The Common Good

Let's Tell the Truth About This International Madness

The horrible human costs and increasing danger the world is now facing in Gaza, Ukraine, and Iraq show the consequences of not telling the truth. And unfortunately, we seem to mostly have political leaders who are unwilling to admit the truth of what’s happening, deal with root causes instead of exploiting symptoms, and then do everything possible to prevent the escalation of violence and further wars. Instead we have politicians who are mostly looking for opportunities to blame their political opponents, boost their own reputations, and protect business interests. As people of faith, we are called to speak the truth in love. It’s time for some truth telling.

Photo by Spencer Platt/Getty Images
Refugees Fleeing ISIS Offensive Pour Into Kurdistan, Photo by Spencer Platt/Getty Images

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In Gaza, do we really believe that Palestinian lives are less valuable than Israeli lives at dozens to one? Why can’t we say that both Hamas and the Israeli government are responsible for this escalation and conflict that has already killed hundreds of people? If Hamas is morally responsible for targeting its rockets at civilians in Israel, why isn’t Israel morally responsible for killing hundreds of civilians and children, including four Palestinian boys on the beach who are the same age as my youngest son? Their weeping mothers cursed the actions of both Israel and Hamas — I’m with them. As Secretary of State John Kerry revealed in a microphone mistake before a Fox News interview, the Israeli attacks are hardly a “pinpoint operation.” And if Hamas is responsible for opposing a peaceful resolution of the Israeli-Palestinian conflict, why isn’t the Israeli Prime Minister Benjamin Netanyahu also held responsible for continually blocking a fair and just two-state solution while continuing to expand Israel’s brutal and unjust occupation in Palestine and continued oppression in Gaza? Why don’t we hold all those morally accountable who refuse political solutions and only work in favor of military solutions that have and will always fail? Can we just continue to ignore the enormous human suffering caused by such failed political leaders — on all sides?

It seems almost certain now that it was Russian separatists in eastern Ukraine who shot down a passenger airliner carrying 298 people, with missile launchers supplied by Russia. Vladimir Putin’s lack of truth telling about Russia’s involvement in this morally indefensible act is consistent with his disingenuous statements about his intentions in annexing Crimea and deliberately destabilizing the Ukraine. But clearly confronting Putin’s lies and moral complicity in the killing of almost 300 civilians is something that European leaders — who are worried about Russian influence in their economies — have yet to agree to do. Mounting serious collective sanctions with tough international diplomacy against Putin and his growing Russian ultra-nationalism is morally warranted; but the rhetoric by some American politicians suggesting that we risk war with Russia — still a nuclear power — is also indefensible.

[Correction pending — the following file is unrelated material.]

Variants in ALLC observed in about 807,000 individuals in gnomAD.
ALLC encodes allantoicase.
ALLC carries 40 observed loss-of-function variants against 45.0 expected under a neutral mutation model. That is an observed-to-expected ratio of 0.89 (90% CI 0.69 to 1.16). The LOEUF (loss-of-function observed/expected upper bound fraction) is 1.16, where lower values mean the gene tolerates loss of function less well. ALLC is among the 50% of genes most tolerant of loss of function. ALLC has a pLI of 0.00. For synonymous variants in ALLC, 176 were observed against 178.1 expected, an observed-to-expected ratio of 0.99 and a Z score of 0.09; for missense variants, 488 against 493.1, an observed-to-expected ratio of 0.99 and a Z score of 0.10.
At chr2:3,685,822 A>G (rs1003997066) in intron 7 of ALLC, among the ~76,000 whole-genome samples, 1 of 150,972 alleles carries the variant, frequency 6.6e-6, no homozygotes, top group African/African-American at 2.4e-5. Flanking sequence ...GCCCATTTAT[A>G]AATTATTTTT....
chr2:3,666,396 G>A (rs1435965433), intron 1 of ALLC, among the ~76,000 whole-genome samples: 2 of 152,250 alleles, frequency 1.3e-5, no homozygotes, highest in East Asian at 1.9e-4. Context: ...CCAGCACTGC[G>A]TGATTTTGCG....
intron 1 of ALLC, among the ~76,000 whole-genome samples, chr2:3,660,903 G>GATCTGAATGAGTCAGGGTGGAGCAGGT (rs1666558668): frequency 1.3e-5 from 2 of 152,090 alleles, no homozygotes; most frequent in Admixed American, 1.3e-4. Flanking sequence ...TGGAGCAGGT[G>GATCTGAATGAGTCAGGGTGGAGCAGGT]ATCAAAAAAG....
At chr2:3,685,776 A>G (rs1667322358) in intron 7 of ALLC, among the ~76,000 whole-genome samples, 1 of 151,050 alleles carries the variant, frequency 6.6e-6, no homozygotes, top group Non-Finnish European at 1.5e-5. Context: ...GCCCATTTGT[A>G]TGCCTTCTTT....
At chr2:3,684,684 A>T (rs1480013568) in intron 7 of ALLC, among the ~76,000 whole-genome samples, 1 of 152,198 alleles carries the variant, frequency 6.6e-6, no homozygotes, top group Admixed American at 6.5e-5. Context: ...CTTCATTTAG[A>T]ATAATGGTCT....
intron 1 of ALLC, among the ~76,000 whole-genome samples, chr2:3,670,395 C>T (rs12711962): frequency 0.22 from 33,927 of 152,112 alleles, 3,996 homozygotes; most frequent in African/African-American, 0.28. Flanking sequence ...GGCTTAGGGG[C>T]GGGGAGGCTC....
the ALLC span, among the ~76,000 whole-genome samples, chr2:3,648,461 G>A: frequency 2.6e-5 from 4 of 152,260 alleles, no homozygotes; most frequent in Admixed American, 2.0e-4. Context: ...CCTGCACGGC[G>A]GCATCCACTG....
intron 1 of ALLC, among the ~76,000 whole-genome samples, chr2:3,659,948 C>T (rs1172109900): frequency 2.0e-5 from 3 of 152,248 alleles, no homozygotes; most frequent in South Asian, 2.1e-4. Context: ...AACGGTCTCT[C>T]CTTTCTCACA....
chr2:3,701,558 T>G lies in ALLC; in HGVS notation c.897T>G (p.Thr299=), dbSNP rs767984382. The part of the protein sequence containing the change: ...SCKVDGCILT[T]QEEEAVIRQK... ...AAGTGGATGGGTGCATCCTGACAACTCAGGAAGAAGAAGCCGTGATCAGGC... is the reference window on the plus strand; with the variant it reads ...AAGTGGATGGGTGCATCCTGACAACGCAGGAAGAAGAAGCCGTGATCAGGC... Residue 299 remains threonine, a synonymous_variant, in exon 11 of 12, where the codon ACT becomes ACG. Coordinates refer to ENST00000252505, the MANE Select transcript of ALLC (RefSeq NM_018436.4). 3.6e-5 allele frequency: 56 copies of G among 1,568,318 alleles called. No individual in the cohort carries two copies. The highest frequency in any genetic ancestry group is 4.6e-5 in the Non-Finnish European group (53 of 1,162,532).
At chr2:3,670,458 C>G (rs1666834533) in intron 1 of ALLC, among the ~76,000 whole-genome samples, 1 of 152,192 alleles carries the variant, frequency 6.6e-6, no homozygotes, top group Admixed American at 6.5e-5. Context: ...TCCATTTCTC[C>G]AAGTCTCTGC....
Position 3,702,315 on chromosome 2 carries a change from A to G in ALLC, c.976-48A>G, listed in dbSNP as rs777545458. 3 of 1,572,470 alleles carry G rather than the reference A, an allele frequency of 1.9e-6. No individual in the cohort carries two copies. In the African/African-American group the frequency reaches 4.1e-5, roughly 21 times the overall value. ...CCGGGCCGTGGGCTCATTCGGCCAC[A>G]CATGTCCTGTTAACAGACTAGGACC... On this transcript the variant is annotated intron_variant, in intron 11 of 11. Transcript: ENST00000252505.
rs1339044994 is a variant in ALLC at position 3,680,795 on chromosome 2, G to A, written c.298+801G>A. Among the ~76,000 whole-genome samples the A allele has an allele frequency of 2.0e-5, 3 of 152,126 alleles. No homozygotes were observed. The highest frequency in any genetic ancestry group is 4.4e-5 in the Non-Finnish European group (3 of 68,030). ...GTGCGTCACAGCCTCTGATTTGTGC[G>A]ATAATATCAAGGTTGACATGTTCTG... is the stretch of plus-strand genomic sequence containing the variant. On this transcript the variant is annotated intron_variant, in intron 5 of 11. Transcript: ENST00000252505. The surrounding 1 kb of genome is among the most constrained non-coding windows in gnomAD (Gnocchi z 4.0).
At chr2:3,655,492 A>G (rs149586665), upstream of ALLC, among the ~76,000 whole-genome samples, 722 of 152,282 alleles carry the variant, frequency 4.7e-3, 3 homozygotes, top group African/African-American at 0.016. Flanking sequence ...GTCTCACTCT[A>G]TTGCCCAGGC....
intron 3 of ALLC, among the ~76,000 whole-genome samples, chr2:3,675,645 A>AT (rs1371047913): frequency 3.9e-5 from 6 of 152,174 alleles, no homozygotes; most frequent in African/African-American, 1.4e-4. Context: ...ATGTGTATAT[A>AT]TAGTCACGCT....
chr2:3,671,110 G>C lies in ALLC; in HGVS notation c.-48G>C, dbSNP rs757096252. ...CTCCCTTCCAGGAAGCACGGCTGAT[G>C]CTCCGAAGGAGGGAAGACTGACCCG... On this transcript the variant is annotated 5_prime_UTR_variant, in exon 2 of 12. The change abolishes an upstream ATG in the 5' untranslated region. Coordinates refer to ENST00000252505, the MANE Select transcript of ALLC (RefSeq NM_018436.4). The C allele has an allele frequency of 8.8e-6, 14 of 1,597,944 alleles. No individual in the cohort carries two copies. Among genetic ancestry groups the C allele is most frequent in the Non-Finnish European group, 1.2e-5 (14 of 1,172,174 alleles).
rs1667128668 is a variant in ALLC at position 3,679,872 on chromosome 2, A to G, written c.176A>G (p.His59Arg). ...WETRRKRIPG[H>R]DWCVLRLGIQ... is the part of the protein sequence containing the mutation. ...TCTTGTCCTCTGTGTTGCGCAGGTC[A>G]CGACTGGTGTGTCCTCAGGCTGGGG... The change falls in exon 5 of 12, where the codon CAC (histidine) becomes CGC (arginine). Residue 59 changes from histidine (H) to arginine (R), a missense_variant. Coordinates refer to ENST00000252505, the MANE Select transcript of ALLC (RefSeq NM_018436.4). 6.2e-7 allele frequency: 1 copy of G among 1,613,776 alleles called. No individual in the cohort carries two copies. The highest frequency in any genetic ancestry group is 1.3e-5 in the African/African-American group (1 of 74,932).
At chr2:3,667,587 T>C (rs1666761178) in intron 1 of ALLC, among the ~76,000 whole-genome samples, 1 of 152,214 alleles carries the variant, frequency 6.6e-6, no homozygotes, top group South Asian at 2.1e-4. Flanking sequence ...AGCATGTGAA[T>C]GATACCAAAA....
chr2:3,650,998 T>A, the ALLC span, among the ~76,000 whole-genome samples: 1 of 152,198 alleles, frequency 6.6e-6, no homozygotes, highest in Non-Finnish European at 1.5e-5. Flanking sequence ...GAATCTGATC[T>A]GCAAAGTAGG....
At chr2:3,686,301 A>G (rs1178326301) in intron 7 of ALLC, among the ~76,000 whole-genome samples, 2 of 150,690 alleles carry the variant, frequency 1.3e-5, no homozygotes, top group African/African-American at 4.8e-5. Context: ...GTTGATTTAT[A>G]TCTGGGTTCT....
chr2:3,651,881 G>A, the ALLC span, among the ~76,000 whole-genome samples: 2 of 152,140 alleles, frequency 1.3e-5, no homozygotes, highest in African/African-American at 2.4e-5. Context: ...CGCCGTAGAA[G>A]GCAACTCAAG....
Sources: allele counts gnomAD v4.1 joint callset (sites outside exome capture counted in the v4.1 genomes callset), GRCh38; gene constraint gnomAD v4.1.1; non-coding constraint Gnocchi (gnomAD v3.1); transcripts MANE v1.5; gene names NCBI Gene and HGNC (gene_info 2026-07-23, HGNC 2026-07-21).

ISIS, which has now established a new Islamic caliphate across parts of Syria and Iraq, has reportedly told Christians in in the cities they now control that they must convert to Islam, pay a fine, or be executed. So after almost 2,000 years, Iraqi Christians are being forced to leave their country. The creation of more terrorist threats, which the new and terribly dangerous ISIS starkly represents, was one of the clear warnings by the Pontifical Council in Rome and church leaders all over the world when the United States was deciding to invade Iraq. The churches were ignored, and the American government has been proved terribly wrong.

And yet the rhetoric of repetitive hardliners continues to say that the president isn’t being tough enough in all these conflicts, apparently only offering their unrepentant solution of bombing more people every time an international crisis arises. These political leaders and pundits refuse to acknowledge our own hypocrisy, exemplified by the morally indefensible military interventions in our own backyard of Central America. They refuse to acknowledge our tragically missed opportunity of reducing Russian and American nuclear arsenals after the Cold War ended. By papering over our past with rosy sentiments and rewritten histories, we ignore both the roots of current crisis — and the plank in our own eye.

Instead of dealing with the complicated and conflicted causes of a crisis — instead of honestly assessing U.S. influences, liabilities, and responsibilities in trying to help resolve these conflicts — politicians quickly descend into the blame game. And any self-reflection about how their bombings and occupations have led to more crises, how their unbalanced support for the participants in the conflicts have prevented solutions, or how their self-righteous rhetoric fuels conflicts instead of resolving them — is completely absent.

As Christians, we know that there is a Prince of Peace who came to set right what humanity continues to destroy through oppression, injustice, and violence. We know that we are still in wait to see the “kingdom come” which is “already” and “not yet.” And until then, we work to bring about that kingdom “on earth as it is in heaven,” which we pray for each Sunday in the Lord’s Prayer. It begins with asking the tough, moral questions — with speaking truth to power.

It’s time for some truth telling.

Jim Wallis is president of Sojourners. His book, The (Un)Common Good: How the Gospel Brings Hope to a World Divided, the updated and revised paperback version of On God’s Side, is available now. Follow Jim on Twitter @JimWallis.

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